If the wind is blowing landward from the sea (onshore wind), it is almost definite that the strongest winds and biggest waves are in the open sea. Exposed coastlines are often windy, where the waves can also break deceptively based on the relief of the seabed. You should also be careful in narrow passages between islands, between islands and the mainland, or in other places where wind channels are formed which increase the wind strength and the size of the waves (in Croatia, for example, the islands of Mali Losinj, Stary Grad or Vela Luka). In wider channels, the wind strength may decrease, but there is a risk of unpredictable gusts (islands of Pasman, Ugljan). Outer islands in the open sea, such as Vis, Biševo or Lastovo, are best avoided altogether.
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Whatever the wind direction, experienced sailors know that it is best to anchor in the lee of the island, where the boat is better protected from waves and wind. In respect to the Marin (and also the Jugo/Sirocco), avoid the bays and shorelines on the south and southeast sides of the islands and head northwest or west. Of course, when anchoring, be sure to check the forecast to see if the wind will be turning overnight.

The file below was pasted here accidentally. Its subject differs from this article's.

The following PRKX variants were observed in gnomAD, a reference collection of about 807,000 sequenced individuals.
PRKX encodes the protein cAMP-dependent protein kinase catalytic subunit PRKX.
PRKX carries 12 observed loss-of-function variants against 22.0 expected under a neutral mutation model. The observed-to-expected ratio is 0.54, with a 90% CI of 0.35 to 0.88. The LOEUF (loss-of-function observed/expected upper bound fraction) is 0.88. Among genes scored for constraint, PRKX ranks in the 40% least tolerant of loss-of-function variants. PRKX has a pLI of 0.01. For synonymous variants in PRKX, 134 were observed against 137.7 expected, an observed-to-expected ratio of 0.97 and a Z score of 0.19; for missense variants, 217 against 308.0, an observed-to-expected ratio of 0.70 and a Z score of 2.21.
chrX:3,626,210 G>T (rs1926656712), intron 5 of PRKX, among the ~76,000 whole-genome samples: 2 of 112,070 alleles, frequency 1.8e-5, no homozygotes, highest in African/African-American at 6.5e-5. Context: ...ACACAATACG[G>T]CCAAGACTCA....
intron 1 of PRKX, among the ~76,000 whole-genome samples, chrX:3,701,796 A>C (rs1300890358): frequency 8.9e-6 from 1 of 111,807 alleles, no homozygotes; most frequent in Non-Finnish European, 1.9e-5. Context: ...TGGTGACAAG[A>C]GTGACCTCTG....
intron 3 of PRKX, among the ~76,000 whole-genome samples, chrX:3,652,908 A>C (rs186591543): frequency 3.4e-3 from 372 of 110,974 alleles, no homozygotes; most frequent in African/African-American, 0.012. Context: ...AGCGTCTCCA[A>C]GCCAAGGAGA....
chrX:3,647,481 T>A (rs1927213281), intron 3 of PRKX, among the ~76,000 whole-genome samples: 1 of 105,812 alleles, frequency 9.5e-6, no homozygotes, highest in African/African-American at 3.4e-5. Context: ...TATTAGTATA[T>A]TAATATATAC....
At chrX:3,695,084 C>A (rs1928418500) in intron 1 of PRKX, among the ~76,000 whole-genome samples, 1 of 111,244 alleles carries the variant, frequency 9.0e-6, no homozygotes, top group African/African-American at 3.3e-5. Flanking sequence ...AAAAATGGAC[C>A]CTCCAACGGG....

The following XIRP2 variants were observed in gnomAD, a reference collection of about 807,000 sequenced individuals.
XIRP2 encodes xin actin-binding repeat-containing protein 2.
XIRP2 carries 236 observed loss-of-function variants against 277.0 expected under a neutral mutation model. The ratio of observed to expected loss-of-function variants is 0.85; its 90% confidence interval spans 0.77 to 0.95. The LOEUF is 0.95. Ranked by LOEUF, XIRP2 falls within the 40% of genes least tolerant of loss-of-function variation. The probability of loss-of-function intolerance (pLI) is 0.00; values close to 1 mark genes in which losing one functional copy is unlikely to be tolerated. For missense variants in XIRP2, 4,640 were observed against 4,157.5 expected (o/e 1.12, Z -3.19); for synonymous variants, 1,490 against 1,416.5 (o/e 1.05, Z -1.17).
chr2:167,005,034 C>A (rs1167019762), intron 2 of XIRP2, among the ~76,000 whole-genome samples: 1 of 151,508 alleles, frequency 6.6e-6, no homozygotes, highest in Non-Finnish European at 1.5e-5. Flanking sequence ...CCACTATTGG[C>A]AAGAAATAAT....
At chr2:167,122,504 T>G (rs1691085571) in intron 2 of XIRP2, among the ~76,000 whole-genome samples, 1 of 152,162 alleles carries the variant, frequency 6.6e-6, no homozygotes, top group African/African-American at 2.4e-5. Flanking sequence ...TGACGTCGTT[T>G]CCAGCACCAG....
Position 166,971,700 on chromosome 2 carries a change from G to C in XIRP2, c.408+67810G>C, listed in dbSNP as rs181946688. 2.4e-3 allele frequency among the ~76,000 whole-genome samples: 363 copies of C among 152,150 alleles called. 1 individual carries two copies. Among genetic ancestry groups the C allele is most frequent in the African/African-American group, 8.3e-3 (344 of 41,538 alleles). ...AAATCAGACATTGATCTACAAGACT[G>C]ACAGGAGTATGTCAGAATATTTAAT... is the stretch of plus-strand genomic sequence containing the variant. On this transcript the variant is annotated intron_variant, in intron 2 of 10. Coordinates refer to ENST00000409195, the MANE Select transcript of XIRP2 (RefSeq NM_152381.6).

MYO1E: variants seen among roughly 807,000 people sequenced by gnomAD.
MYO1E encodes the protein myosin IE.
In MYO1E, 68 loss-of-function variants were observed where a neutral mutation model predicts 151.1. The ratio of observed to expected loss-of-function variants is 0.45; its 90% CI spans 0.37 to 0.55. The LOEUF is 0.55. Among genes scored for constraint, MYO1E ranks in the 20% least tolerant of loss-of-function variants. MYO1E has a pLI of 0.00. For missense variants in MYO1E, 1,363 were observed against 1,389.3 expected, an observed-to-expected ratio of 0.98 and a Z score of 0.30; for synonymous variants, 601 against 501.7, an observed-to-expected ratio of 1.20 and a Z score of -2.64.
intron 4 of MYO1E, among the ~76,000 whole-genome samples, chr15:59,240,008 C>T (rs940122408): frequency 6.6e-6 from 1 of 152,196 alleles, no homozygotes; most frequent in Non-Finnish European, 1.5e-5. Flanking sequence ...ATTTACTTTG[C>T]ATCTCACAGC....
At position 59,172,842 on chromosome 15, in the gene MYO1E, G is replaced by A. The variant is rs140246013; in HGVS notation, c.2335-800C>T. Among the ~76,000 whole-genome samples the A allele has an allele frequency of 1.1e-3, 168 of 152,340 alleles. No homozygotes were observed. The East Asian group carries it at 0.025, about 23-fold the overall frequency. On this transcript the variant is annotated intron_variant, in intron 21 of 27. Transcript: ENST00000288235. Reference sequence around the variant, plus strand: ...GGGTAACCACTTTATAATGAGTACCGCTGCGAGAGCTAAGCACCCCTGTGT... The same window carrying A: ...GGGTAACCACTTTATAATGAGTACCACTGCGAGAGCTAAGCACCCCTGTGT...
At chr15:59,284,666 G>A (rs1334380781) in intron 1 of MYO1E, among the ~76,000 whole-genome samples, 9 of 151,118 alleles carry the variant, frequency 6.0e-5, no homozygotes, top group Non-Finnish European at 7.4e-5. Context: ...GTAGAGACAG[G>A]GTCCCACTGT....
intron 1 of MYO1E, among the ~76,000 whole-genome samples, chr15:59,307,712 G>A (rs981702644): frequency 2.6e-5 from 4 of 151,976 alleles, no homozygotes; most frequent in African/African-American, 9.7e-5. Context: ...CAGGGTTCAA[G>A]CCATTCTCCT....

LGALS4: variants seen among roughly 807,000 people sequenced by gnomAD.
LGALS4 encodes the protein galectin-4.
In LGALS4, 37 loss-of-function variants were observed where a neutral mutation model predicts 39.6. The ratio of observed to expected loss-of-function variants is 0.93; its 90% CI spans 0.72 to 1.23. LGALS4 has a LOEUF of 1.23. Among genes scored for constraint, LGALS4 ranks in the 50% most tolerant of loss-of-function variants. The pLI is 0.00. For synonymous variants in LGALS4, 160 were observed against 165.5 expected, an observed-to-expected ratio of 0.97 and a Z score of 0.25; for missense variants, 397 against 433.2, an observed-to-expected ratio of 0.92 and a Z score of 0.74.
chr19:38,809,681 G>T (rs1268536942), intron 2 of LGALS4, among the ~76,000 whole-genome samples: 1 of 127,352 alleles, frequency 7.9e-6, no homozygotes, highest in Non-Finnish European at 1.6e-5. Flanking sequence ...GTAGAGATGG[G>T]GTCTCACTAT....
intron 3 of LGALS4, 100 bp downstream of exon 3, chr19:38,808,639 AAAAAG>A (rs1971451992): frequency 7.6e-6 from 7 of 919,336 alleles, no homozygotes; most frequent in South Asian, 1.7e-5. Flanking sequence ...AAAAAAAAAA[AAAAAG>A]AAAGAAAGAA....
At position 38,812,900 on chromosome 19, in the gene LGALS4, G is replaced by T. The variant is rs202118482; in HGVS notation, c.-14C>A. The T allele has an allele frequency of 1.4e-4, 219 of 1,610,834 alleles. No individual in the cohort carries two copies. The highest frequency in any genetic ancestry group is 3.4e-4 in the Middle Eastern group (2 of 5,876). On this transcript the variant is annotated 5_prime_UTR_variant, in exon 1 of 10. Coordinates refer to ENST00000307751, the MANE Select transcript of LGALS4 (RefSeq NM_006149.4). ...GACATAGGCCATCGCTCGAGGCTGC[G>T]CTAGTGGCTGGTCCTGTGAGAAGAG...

Where to anchor during the Marin
In the event of strong or variable winds, it is safer to anchor in a marina, rather than mooring on a buoy, where you can secure the boat with mooring lines that can be tightened as needed to prevent damaging it against the jetty. In addition, marinas are overwhelmingly sheltered by natural barriers or breakwaters to buffer the rough seas.
Leave the port only when you are confident that you will be able to manage the sea conditions. As the Marin is a type of wind that announces its arrival several days in advance and then dies down for several days, it is worth considering whether to postpone your departure for another day or two. Especially if you are sailing with an inexperienced crew. Experienced sailors, on the other hand, will enjoy great sailing in strong winds and waves.